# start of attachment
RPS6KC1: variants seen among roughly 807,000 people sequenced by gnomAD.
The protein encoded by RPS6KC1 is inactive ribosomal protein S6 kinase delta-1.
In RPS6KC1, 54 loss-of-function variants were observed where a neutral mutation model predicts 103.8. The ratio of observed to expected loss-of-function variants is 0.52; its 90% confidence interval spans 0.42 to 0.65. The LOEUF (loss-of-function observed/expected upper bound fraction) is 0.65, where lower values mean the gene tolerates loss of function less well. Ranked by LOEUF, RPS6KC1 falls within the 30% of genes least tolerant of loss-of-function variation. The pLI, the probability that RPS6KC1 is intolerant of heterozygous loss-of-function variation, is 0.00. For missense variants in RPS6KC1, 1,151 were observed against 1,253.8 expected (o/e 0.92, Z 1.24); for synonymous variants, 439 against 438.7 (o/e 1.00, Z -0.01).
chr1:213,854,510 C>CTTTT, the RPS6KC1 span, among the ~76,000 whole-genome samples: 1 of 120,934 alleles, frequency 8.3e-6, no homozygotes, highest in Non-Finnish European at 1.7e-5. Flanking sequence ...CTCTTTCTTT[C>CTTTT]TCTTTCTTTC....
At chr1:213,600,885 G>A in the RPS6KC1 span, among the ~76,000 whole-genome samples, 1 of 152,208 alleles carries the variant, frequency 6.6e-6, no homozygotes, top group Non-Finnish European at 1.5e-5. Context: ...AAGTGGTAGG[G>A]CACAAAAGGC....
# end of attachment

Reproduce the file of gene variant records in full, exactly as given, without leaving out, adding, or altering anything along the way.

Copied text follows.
RPS6KC1: variants seen among roughly 807,000 people sequenced by gnomAD.
The protein encoded by RPS6KC1 is inactive ribosomal protein S6 kinase delta-1.
In RPS6KC1, 54 loss-of-function variants were observed where a neutral mutation model predicts 103.8. The ratio of observed to expected loss-of-function variants is 0.52; its 90% confidence interval spans 0.42 to 0.65. The LOEUF (loss-of-function observed/expected upper bound fraction) is 0.65, where lower values mean the gene tolerates loss of function less well. Ranked by LOEUF, RPS6KC1 falls within the 30% of genes least tolerant of loss-of-function variation. The pLI, the probability that RPS6KC1 is intolerant of heterozygous loss-of-function variation, is 0.00. For missense variants in RPS6KC1, 1,151 were observed against 1,253.8 expected (o/e 0.92, Z 1.24); for synonymous variants, 439 against 438.7 (o/e 1.00, Z -0.01).
chr1:213,854,510 C>CTTTT, the RPS6KC1 span, among the ~76,000 whole-genome samples: 1 of 120,934 alleles, frequency 8.3e-6, no homozygotes, highest in Non-Finnish European at 1.7e-5. Flanking sequence ...CTCTTTCTTT[C>CTTTT]TCTTTCTTTC....
At chr1:213,600,885 G>A in the RPS6KC1 span, among the ~76,000 whole-genome samples, 1 of 152,208 alleles carries the variant, frequency 6.6e-6, no homozygotes, top group Non-Finnish European at 1.5e-5. Context: ...AAGTGGTAGG[G>A]CACAAAAGGC....